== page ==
So far data from the app reveals a gender divide between the opinions of men and women on several hot topics, including unhealthy body image promoted through adverts.
While 84% of women said they wanted images of unhealthily thin models to be banned from public transport, 62% of men said the same.
And there was also a big difference between ethnicities.
The data shows a majority of Asian men, 54%, said they would not like to see restrictions on models in advertisements.
The policy of banning images of skinny models on public transport was mooted by Labour's Sadiq Khan in January. "Self-esteem, how you view yourself, role models. Advertisers should know better," he said.
Of nine topics included in Verto, young Londoners’ top three priorities were education (64%), housing (44%) and jobs (38%).
Broken down between genders, young women listed health and wellbeing among their priorities, whereas men listed the economy.
Both genders were generally agreed on education and housing as being a priority.
The campaigns of all candidates include flagship solutions to London's housing crisis, with the Conservative's Zac Goldsmith telling The Huffington Post UK he wants to return housebuilding to 1930s levels.
With London's mayoral race embroiled in a racism storm based in part on Khan's alleged links with Islamic extremists, 72% of those aged 16-24 say they want a Mayor who’ll support deporting hate preachers and those who promote terrorism.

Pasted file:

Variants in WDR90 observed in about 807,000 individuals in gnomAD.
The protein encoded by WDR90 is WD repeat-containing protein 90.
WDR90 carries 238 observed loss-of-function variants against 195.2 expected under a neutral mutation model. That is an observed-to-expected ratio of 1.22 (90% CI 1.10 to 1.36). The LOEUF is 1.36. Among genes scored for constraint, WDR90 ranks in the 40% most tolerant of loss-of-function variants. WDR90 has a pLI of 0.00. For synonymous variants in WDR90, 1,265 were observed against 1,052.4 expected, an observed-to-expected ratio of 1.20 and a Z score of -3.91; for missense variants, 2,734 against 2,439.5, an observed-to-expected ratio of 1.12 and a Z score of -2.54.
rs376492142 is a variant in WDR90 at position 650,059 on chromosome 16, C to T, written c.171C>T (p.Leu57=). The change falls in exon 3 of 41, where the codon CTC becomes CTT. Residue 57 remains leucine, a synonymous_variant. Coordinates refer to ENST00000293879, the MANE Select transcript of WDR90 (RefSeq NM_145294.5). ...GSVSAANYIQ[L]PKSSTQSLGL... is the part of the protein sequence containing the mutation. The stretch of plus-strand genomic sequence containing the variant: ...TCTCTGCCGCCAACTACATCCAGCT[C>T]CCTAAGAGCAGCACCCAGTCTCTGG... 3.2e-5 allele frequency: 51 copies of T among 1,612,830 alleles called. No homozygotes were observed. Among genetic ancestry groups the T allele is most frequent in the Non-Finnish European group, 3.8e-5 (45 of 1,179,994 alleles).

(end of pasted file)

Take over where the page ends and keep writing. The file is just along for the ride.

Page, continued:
And on the topic of crime, nine-in-ten agree hospitals should record and share knife-wound statistics with the Metropolitan Police.
Bite The Ballot's Verto.London app was created in partnership with the University of Warwick and aims to provide young Londoners with a neutral resource before the election.
The data was drawn before the app launched more widely this week, from a sample size of 1,655 young Londoners.
The policies of seven main candidates for Mayor have been included in the app, including frontrunners Zac Goldsmith and Sadiq Khan.
Nicknamed the new "Tinder for politics" Verto allows users to swipe right in agreement with statements drawn from candidates' manifestos and public statements.
It uses these responses to match a user with a candidate, with some unexpected results.
"It really took me by surprise," 22-year-old Onyeka told HuffPost UK. "It's going to make me look at other candidates."
The app is even helping those not yet able to cast their ballots.
"I got Green and Liberal Democrat, I'd have expected Green and Labour," Lola May, 17, said. "I didn't know candidates set their own policies."
In a blog on HuffPost UK, Bite The Ballot's Michael Sani and Kenny Imafidon, wrote: "London's Mayor is responsible for creating policies on everything from crime, to arts and culture - as well as providing young people in London with more opportunities and helping local businesses to thrive.
"But clear and accessible information on where the candidates stand on Mayoral issues is proving difficult to come by."
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